The RAAF says it is gradually returning its PC-9/A turboprop trainer fleet to flying status as the aircraft undergo inspections following the discovery of cracking in the folding strut of the aircraft’s nose landing gear.
“The PC-9/A fleet is being progressively reviewed and returned to flying. There are now over 20 aircraft flying across all Air Force PC-9/A squadrons/schools,” a RAAF spokesperson told Australian Aviation via email on Friday.
“The impact to training is minimal, as Air Force is actively managing pilot training. As more aircraft return to flying, Roulettes displays will also resume.”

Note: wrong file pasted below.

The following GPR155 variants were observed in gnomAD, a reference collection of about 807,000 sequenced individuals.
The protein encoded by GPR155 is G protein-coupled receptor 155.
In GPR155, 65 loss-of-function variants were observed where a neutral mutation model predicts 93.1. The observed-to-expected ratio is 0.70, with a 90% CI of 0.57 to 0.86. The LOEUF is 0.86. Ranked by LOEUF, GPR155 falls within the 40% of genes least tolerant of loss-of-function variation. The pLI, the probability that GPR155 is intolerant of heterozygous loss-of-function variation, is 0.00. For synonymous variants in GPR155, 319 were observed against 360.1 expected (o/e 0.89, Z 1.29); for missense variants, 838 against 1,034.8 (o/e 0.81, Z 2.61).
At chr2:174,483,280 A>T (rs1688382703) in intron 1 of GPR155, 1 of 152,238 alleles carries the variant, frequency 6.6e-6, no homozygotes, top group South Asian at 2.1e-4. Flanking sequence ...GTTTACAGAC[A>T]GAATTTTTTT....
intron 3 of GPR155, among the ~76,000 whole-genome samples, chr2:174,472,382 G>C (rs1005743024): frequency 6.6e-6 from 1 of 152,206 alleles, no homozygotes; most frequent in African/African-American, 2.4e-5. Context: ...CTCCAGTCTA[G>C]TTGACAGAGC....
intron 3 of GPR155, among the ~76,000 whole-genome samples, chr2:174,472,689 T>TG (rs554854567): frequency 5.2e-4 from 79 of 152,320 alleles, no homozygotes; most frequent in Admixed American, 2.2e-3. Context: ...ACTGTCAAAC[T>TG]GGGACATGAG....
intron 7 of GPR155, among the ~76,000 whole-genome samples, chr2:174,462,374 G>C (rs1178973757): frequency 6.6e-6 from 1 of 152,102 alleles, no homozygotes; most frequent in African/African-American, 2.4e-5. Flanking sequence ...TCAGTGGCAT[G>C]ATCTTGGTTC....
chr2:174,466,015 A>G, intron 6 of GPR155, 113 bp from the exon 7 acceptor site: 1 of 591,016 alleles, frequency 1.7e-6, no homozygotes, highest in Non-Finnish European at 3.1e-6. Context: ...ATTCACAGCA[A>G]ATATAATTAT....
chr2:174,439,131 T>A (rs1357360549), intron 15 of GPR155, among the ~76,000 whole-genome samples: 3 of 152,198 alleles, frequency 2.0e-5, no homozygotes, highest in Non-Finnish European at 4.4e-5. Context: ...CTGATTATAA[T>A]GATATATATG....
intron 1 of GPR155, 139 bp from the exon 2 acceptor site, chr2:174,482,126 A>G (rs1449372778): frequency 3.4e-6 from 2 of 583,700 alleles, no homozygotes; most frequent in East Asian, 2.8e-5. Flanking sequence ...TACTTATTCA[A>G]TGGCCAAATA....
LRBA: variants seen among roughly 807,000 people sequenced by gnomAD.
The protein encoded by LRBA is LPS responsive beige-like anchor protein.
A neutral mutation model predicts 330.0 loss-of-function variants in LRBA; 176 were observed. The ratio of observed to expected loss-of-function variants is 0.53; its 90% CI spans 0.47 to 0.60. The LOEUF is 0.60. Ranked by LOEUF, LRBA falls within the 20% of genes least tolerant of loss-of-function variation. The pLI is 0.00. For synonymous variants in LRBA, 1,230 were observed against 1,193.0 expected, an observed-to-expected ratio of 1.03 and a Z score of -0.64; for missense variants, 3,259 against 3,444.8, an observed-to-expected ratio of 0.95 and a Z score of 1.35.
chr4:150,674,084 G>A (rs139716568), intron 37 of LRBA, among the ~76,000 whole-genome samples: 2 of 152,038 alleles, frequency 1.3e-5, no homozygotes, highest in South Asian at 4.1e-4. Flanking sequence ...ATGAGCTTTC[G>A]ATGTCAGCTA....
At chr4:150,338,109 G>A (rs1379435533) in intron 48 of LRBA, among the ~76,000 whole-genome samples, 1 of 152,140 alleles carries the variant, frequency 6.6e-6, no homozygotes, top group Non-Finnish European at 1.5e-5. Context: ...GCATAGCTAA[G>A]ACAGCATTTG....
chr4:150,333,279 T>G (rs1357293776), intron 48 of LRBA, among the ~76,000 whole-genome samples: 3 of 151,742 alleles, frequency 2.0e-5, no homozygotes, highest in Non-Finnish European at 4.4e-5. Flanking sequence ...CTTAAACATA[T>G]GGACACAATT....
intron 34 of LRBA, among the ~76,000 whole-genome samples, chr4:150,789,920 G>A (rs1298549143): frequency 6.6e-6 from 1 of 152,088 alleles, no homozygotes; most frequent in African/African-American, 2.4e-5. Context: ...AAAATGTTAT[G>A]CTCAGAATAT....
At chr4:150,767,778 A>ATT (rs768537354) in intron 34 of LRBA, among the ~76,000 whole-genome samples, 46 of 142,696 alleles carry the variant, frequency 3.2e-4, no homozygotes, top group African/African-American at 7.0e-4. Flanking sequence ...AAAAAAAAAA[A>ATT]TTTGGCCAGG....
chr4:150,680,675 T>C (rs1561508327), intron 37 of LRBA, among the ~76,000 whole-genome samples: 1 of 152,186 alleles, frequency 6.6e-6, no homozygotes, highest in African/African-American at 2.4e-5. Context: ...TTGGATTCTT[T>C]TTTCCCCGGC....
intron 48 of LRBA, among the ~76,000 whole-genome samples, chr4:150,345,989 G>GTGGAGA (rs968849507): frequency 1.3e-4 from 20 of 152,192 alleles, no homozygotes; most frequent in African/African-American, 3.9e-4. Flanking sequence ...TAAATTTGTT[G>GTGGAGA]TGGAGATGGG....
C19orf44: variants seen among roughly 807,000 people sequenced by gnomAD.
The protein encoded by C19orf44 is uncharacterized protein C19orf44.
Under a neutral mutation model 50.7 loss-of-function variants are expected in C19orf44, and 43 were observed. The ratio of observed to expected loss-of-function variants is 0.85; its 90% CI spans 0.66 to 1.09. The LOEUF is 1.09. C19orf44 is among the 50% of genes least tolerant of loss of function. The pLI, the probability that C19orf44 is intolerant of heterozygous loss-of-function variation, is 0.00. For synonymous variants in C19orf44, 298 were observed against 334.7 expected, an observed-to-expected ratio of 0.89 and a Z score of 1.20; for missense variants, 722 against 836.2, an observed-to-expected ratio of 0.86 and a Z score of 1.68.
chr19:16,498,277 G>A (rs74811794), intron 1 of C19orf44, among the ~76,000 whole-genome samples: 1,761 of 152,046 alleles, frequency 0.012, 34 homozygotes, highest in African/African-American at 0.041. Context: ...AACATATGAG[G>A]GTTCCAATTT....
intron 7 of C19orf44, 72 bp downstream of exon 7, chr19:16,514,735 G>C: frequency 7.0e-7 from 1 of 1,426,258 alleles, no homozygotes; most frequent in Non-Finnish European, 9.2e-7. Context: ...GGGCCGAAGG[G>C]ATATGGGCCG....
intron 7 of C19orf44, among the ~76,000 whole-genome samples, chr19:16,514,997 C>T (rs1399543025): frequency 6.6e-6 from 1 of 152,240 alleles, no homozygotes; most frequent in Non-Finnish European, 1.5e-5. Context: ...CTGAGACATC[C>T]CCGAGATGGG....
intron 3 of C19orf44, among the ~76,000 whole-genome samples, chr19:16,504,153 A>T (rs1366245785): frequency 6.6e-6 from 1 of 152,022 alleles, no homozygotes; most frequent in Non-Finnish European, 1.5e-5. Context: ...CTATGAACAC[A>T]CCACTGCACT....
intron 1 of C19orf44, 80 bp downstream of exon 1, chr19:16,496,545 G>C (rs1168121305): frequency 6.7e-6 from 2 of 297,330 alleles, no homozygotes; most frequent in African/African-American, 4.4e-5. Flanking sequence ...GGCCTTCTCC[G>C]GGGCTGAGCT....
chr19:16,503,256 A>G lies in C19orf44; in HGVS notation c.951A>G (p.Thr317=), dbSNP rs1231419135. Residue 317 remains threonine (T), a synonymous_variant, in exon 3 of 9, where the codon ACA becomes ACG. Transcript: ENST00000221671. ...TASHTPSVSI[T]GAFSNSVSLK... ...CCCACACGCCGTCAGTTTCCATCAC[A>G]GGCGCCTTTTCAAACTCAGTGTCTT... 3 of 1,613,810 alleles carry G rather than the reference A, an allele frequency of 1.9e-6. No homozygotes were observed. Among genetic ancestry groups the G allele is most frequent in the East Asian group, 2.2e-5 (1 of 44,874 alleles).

Defence announced on May 19 that cracking had been discovered and “as a precautionary measure”, each PC-9 would “undergo an additional engineering review, and remediation repairs, before returning to normal flying activities”.
Meanwhile, assessment of the damage to a RAAF C-27J Spartan involved in the landing incident at Waco, Texas on May 18 is continuing.
“The C-27J Spartan is currently being assessed for repairs, which will determine the timeframes for return to flying. The safety investigation is also continuing,” the RAAF spokesperson said.
The aircraft blew two tyres in the incident, which took place during a night time pilot training flight, causing the temporary closure of the airport while the aircraft was inspected and removed from the runway.